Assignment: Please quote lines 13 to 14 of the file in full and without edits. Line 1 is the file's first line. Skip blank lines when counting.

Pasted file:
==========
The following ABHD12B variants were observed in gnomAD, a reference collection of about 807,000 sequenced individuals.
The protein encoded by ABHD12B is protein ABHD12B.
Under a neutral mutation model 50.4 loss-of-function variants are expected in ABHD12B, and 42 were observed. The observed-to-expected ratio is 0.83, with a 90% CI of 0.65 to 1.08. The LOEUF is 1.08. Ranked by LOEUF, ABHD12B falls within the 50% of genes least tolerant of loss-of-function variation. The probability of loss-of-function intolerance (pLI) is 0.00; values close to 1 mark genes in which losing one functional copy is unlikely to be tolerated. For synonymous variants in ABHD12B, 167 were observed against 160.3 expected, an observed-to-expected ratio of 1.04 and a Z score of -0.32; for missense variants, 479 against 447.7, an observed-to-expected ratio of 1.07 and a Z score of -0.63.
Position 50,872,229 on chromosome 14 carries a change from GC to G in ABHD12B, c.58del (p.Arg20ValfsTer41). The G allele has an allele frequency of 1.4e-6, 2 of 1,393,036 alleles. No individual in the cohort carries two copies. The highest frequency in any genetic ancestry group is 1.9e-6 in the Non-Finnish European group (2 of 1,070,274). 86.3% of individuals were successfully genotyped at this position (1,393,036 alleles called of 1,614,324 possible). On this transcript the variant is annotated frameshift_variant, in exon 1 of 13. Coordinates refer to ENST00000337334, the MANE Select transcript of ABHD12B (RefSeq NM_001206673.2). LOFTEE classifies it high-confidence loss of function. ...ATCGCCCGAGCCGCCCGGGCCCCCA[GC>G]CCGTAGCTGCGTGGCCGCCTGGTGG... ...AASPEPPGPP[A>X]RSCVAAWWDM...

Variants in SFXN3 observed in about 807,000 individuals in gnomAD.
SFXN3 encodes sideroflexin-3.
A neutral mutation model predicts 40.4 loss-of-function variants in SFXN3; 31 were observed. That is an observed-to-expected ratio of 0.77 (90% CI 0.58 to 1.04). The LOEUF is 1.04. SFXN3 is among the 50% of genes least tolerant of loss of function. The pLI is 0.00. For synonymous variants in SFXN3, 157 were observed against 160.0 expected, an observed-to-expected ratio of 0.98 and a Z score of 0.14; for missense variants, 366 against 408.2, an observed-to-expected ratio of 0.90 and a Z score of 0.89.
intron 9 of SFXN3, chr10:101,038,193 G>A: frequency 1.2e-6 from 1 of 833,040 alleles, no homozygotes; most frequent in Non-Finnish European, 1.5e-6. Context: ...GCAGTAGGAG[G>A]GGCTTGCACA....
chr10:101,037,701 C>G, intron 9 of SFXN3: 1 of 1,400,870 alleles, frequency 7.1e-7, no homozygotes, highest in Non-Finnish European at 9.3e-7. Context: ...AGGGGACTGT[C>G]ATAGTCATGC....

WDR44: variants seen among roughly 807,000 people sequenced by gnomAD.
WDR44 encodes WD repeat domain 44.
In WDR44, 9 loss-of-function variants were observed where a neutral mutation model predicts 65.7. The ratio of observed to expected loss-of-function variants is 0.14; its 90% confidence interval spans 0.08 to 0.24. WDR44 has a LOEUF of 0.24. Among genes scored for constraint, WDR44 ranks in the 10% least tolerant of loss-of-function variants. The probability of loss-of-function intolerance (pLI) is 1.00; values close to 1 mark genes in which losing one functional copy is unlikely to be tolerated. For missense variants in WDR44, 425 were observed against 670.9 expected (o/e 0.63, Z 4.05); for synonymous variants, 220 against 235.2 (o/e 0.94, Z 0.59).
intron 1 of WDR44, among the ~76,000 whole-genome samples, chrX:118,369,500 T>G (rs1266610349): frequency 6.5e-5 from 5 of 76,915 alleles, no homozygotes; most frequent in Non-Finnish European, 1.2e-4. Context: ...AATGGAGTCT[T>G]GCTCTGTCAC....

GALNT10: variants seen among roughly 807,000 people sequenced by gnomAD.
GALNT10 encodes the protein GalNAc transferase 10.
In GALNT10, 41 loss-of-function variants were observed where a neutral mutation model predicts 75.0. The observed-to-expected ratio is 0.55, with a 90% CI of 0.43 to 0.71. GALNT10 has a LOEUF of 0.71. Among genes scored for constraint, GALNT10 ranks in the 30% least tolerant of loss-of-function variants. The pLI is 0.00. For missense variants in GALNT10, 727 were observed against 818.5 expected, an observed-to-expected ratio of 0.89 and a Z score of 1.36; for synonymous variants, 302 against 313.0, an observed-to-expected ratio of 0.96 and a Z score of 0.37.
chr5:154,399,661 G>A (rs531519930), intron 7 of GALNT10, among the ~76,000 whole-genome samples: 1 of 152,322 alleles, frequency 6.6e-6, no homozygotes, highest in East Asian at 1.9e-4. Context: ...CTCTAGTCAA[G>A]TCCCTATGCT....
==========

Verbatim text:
intron 1 of WDR44, among the ~76,000 whole-genome samples, chrX:118,369,500 T>G (rs1266610349): frequency 6.5e-5 from 5 of 76,915 alleles, no homozygotes; most frequent in Non-Finnish European, 1.2e-4. Context: ...AATGGAGTCT[T>G]GCTCTGTCAC....

GALNT10: variants seen among roughly 807,000 people sequenced by gnomAD.